I decided to excite my test connections with signals around 100kHz. These are high enough that it is possible to  discriminate between the test signals and the distortion or noise that they produce. It is also at a low enough frequency that there should be little worry about RF effects. Although this frequency is outside the normal audio band, there is energy  like this presented to much audio equipment,  and a difficult test signal makes measurement easier.

Ordinarily I would just look at the difference frequency. My earlier measurements hinted that this by itself was not enough. The noise from the test path seemed to be increasing in the presence of signal. The normal noise can be the always present thermal noise, or flicker noise, which is inversely proportional to frequency, or it could even be outside noise sources being radiated into the system.

Lots of other possible noise sources exist, but these are the big three. A noise that only occurred or increased in the presence of signal would, of course, be a form of distortion. If this noise varied with different test paths, you could begin to believe it was the device under test that was producing it.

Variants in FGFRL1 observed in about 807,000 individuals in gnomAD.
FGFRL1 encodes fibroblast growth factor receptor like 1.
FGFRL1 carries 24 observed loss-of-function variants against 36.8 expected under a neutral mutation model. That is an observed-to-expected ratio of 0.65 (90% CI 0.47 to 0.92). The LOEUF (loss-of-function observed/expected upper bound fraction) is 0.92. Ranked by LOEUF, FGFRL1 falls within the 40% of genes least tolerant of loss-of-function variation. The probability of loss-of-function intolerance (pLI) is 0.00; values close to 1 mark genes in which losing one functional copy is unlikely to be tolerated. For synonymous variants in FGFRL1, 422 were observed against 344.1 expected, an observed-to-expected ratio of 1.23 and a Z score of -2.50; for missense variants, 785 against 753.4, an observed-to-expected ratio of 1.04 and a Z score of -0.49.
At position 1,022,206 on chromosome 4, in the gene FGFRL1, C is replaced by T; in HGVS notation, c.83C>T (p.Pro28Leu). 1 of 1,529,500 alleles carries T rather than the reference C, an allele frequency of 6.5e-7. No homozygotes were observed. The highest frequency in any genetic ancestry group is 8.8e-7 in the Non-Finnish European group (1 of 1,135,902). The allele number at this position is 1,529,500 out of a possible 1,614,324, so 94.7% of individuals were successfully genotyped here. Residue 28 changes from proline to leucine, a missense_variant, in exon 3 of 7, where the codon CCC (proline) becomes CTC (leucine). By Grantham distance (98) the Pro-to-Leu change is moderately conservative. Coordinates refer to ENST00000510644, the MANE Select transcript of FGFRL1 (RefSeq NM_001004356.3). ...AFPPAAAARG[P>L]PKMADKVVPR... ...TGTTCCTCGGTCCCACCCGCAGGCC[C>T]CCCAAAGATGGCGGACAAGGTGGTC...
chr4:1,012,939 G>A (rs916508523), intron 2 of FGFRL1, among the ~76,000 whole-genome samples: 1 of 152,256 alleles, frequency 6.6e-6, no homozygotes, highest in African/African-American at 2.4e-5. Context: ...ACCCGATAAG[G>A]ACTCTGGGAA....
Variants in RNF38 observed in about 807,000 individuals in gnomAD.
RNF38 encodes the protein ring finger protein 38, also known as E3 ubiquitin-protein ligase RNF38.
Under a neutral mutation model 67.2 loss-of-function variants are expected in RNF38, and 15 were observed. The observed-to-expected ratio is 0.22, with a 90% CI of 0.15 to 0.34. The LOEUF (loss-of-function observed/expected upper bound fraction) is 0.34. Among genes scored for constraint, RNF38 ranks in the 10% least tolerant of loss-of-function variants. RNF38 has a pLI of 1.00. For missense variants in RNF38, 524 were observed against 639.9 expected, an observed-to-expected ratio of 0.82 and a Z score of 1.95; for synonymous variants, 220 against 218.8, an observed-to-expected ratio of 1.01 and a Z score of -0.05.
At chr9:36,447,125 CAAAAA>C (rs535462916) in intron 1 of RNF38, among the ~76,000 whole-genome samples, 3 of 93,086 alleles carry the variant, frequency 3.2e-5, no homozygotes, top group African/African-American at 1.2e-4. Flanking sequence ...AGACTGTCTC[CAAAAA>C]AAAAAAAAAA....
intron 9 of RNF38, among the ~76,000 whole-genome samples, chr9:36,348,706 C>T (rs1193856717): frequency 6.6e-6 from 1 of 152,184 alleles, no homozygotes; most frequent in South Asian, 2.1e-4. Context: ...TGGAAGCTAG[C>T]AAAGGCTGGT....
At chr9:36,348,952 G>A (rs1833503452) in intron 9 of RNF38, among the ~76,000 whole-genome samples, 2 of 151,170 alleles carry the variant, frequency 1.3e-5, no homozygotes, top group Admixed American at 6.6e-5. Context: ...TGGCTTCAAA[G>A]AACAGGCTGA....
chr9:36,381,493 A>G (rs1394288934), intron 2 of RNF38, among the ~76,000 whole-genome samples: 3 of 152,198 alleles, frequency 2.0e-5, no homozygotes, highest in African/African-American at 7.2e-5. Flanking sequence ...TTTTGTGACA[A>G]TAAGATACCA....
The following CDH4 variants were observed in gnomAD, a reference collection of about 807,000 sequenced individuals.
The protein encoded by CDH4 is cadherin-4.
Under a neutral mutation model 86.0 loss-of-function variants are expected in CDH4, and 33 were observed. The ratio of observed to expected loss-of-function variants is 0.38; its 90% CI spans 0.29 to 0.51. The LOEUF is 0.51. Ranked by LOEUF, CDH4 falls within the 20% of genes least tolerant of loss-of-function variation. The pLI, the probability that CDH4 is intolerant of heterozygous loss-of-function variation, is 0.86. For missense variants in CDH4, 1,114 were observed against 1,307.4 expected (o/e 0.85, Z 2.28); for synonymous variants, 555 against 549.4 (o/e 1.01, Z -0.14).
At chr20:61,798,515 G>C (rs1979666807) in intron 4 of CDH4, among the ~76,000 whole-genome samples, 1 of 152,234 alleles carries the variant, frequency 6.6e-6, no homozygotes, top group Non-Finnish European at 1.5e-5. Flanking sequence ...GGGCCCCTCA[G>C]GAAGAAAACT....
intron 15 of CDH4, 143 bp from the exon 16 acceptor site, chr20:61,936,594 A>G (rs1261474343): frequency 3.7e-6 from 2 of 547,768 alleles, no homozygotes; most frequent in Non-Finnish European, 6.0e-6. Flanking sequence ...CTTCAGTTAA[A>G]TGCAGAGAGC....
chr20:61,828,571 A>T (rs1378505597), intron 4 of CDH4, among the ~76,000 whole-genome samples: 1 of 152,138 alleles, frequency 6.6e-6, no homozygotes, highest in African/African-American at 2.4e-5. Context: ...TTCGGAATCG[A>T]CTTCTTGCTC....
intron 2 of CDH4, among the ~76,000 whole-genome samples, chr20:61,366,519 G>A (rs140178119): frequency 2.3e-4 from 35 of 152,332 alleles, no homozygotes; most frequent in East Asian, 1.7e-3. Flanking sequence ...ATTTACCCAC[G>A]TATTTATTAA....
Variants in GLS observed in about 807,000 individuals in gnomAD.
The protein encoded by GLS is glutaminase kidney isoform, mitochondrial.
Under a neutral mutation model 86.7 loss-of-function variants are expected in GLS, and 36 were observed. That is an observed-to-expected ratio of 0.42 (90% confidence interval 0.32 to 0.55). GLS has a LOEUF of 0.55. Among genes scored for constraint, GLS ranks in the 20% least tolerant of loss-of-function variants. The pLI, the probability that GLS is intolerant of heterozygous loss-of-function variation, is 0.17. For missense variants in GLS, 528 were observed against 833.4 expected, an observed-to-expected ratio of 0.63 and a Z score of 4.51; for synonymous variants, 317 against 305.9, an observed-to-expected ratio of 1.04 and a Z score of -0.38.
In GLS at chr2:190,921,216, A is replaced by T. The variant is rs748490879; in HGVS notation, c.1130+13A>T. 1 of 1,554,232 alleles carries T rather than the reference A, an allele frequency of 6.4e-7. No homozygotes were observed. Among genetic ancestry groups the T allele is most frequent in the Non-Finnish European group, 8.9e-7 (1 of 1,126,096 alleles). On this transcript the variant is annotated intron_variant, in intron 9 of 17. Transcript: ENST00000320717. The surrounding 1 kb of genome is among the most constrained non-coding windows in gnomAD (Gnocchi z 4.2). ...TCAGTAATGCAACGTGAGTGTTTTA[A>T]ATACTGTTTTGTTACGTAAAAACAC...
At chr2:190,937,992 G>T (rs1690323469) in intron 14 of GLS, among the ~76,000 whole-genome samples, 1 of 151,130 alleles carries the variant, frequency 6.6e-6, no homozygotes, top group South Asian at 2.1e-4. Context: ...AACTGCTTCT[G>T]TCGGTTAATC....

To generate a low noise, low distortion, stable in frequency test signal should not be too hard. My choice is a  transversal filter oscillator. I can use a crystal-controlled clock oscillator, shift registers, and resistors to produce my test signals. A catalog search showed I could get clocks that after processing would yield 96kHz and 93.75kHz test signals. At this resulting difference frequency of 2.25kHz, there are good choices for op amps that are low noise and low distortion to use for the detector filters.

The crystal-controlled clock signal tells my discrete time, delay line when to shift the data, which is just the clock signal divided by the number of shift register stages. Either it is high (5V) or low (0V). Because the input signal is a binary divided square wave, the level is very stable. I use a common inexpensive counter IC — type 74AC4020 — to give me my data signal.

This square wave feeds the delay line, which is made up of 74HC164N serial-in  parallel-out shift registers. CMOS process logic tends to include very nicely controlled output impedances, and use almost no power.
Figure 1: Transversal oscillator.

Oscillator Circuit
The way this circuit works is at first all of the outputs are low giving zero volts out. Then at the next clock cycle the first output goes high to 5V. The rest stay at zero. The first resistor causes the output to move up a bit. Then at the next clock cycle outputs 1 and 2 are high giving a greater output. This continues until all the outputs are high and the peak of the sine wave is reached. Output 1 goes low starting the downward journey.